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This is a concise history of the Royal Navy's air arm during World War II (1939-1945), from the Arctic convoys, to the battle for Malta, to the last raids on Japan. The contribution of British Naval aviation to the ultimate Allied victory cannot be underestimated. Amazingly the Admiralty only had 406 operational pilots and 8 carriers when war broke out, but a mere 6 years later there were over 3,000 operational pilots and 53 aircraft carriers patrolling the seas in every theater of the war. The author charts the rapid evolution of the Fleet Air Arm during the war years as air power took over the cutting edge of naval warfare from surface battleships. The carriers were in action from the first with actions by HMS Ark Royal and Courageous in September 1939 to the major actions of the carrier force off Japan in the closing days of the war. This book offers a complete overview from recruitment and training to the thrilling accounts of operational successes and failures. Discover some of the most dramatic actions of the war as Royal Navy aces battled against Axis forces scoring both the first and last kills of the war.
Intensive interaction is an approach to teaching the pre-speech fundamentals of communication to children and adults who have severe learning difficulties or autism, and who are still at an early stage of communication development. This book is a practical guide to help those wishing to implement intensive interaction in their setting, and it provides detailed advice and step-by-step guidance as well as a consideration of all the issues associated with carrying out this approach. It considers: - preparing for intensive interaction - observing intensive interaction in progress - doing intensive interaction at home and at work - teamwork - wellbeing - record-keeping This book is a straightforward guide for anyone wanting to use intensive interaction with people with severe and complex learning difficulties, people who have very severe learning difficulties, profound and multiple learning difficulties, multi-sensory impairments, and people who have a diagnosis of autism.
The recent 70th anniversary of the Battle of Britain, combined with the threat of significant cuts to the current RAF, have highlighted the importance of Fighter Command in the early days of World War II once more. The role of the "few", as described by Churchill, during the Battle of Britain has been the subject of much mythologizing both at the time and in the years since.This title will put Fighter Command in context; describing the lack of funding and attention which it received during the interwar period, until it was almost too late. The myth of the fighter pilot will be humanized, with first-hand accounts quoted which put nervous but brave human beings from all walks of life in the cockpit, not the fearless, arrogant public school boys who appear in popular fiction. Although the Battle of Britain may not have in itself been the decisive encounter that it has historically been portrayed as, the moral victory won by the RAF, the victory that proved that Germany could be defeated, was just as important as a military-strategic victory.Other aspects of these early days of Fighter Command will also be given a more detailed exploration - the obsolete but tenacious Gladiators over Norway, the Hurricanes in support of the BEF and air cover over Dunkirk. Thus giving a rounded picture of the early years and development of Fighter Command and its pilots.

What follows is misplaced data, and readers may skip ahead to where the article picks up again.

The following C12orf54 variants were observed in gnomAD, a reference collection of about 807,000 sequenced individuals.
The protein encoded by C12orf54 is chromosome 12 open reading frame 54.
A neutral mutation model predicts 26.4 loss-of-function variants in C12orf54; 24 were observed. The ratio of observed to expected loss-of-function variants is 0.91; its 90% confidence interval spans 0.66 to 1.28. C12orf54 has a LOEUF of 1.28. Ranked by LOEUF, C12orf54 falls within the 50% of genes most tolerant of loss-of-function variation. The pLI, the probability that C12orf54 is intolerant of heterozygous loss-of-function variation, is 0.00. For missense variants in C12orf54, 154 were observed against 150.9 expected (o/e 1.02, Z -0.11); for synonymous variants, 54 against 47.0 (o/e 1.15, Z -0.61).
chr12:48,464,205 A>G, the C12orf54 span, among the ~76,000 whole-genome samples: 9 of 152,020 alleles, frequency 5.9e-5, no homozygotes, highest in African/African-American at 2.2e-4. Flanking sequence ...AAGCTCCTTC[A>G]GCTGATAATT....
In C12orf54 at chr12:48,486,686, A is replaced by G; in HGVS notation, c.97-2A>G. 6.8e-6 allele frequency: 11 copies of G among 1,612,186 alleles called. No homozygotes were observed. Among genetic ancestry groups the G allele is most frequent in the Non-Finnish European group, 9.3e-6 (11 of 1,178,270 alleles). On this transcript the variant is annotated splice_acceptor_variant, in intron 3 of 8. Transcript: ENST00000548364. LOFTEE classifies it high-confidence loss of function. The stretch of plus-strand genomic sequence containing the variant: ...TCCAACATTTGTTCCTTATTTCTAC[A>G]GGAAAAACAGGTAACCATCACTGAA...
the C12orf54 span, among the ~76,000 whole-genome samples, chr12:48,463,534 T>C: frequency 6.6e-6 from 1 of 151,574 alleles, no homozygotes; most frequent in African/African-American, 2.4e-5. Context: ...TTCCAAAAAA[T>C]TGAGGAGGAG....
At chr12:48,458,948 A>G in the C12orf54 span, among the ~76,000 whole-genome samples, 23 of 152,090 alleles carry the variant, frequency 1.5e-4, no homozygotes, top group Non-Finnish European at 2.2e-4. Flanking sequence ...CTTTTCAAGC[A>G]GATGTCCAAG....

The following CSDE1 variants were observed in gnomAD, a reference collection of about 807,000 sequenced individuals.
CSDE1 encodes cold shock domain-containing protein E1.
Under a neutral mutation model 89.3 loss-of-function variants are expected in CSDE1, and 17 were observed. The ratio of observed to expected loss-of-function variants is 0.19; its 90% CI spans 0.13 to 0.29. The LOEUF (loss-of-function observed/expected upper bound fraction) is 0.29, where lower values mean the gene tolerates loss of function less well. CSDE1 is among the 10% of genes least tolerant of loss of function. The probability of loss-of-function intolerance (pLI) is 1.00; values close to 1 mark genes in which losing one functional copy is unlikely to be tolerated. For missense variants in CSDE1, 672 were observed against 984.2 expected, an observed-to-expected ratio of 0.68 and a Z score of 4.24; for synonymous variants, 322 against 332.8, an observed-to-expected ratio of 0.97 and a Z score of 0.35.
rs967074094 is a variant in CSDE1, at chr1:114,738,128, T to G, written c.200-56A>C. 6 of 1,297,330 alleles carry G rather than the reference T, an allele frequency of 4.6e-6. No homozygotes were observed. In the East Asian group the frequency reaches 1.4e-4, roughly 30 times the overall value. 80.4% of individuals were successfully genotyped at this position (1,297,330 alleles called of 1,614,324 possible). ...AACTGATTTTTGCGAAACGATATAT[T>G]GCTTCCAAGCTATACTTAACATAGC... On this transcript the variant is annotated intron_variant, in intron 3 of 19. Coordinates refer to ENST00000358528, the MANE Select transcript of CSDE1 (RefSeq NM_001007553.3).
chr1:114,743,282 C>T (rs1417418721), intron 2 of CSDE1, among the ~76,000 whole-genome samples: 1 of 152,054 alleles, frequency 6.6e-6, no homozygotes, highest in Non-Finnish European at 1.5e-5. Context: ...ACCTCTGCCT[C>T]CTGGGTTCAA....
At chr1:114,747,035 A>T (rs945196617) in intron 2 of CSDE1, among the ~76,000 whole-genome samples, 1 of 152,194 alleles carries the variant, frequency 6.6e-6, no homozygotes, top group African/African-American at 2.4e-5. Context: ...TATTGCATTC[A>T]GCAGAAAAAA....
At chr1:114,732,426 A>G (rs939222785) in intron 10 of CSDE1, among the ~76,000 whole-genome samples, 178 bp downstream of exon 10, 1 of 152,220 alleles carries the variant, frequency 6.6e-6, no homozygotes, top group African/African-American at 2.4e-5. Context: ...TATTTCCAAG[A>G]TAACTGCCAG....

Osprey's survey of the Royal Naval Air Service pilot during World War I (1914-1918). In 1914 the Naval Wing of the Royal Flying Corps was subsumed into the Royal Naval Air Service (RNAS). With the bulk of the Royal Flying Corps engaged in France, the aircraft and seaplane pilots of the RNAS protected Britain from the deadly and terrifying Zeppelin menace. In 1915 the RNAS sent aircraft to support the operations in the Dardanelles, and also gave increasing support to the Royal Flying Corps units engaged on the Western Front, conducting reconnaissance, intelligence gathering and artillery spotting, bombing raids, and aerial combat with German pilots. This book explores all of these fascinating areas, and charts the pioneering role of the RNAS in military aviation.
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